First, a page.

JRS featured in The Guardian

09 April 2019

In Holly class, Matilda, aged six, calls the register. “Ciao, Tyler,” she says. “Presente,” he replies. “Ciao, Arthur,” she says next. “Ciao, Maestra Matilda,” he says. The class collapses into giggles: Matilda is taking the register as part of today’s Italian lesson. Her teacher, Stefania Cellini, helps the children count aloud to check everyone is there. Even though these year 1 pupils are only five or six, they easily count to 28 in Italian. “You are all bravissimi,” Cellini says.

This language lesson is not a one‑off. Here at John Rankin infant and junior schools, in Newbury, Berkshire, all pupils receive one hour’s Italian teaching a week, starting in year 1, funded not by the UK, but by the Italian government.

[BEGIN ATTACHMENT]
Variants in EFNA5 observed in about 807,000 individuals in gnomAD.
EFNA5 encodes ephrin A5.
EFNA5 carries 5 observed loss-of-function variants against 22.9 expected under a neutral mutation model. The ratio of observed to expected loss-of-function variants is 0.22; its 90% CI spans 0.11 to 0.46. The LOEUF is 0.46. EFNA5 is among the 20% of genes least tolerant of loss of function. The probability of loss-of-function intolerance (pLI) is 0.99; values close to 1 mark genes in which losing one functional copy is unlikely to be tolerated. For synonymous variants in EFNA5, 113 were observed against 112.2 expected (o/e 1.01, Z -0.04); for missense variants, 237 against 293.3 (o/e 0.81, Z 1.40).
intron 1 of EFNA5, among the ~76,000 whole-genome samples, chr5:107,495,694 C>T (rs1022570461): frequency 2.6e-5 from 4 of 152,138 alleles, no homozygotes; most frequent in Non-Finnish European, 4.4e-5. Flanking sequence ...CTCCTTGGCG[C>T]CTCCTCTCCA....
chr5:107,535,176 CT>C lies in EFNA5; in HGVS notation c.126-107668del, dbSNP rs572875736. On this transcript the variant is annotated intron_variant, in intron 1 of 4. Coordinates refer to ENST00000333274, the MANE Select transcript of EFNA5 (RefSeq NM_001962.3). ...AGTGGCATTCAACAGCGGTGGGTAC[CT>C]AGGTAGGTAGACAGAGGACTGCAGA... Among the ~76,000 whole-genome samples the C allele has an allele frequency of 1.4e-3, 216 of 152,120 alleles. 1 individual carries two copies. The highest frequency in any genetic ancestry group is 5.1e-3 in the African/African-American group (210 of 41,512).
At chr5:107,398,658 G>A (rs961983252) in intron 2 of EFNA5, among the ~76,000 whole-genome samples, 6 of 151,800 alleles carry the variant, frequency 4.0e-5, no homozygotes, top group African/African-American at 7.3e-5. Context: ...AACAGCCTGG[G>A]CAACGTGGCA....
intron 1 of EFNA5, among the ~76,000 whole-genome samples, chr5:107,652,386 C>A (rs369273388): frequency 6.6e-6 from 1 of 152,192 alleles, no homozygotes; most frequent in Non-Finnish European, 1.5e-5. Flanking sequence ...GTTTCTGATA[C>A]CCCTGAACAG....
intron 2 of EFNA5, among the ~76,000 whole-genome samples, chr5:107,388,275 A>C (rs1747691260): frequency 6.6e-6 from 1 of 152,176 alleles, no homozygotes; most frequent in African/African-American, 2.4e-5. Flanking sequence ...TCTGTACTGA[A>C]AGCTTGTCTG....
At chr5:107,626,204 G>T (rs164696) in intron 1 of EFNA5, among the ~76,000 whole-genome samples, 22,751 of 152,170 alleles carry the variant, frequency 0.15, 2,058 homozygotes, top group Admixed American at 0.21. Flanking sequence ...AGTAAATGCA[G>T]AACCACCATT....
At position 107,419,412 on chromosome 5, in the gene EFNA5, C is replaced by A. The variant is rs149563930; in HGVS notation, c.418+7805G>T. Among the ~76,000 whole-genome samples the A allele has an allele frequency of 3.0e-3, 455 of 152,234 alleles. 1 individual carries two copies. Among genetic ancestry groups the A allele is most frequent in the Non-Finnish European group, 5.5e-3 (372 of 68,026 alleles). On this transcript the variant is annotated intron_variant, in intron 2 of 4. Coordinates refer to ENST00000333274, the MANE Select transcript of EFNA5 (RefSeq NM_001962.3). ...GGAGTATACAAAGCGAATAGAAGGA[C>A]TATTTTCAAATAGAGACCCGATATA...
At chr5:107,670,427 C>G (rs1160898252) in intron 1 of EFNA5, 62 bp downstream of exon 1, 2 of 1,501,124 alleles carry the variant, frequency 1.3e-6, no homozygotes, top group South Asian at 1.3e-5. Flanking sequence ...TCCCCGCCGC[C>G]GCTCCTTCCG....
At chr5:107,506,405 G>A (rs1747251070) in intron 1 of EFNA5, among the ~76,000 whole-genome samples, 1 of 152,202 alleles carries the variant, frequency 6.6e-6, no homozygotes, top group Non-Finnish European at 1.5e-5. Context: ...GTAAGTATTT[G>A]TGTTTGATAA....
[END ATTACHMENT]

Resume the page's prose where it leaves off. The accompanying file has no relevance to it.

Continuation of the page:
Today, Cellini – the pupils call her Maestra Stefania – is teaching Holly class the names of common objects used in the classroom. She calls children to come to the front in turn to pick out objects from her pencil case without looking. “Apri l’astuccio e cerca la matita,” she tells Joshie. He rummages about and pulls out a pencil. The class applaud and Joshie smiles proudly.

Cellini is one of 70 Italian teachers paid by the Italian government to work in UK schools and promote the language. The scheme provides 112 primaries and 27 secondaries with an Italian teacher – for free.

Sadly, this level of language tuition is rare. Since 2014 it has been compulsory for all schools to teach a modern or ancient foreign language to children aged seven to 11. Yet progress has been patchy, at best. Last year’s Language Trends report by the British Council found that “languages remain a marginal subject which many primary schools find challenging to deliver alongside many other competing demands”. Florence Myles, chair of the Research in Primary Languages network, agrees. “The vast majority of schools are falling far short and if there’s sports day, Sats or a school trip, the first thing to go is languages.”

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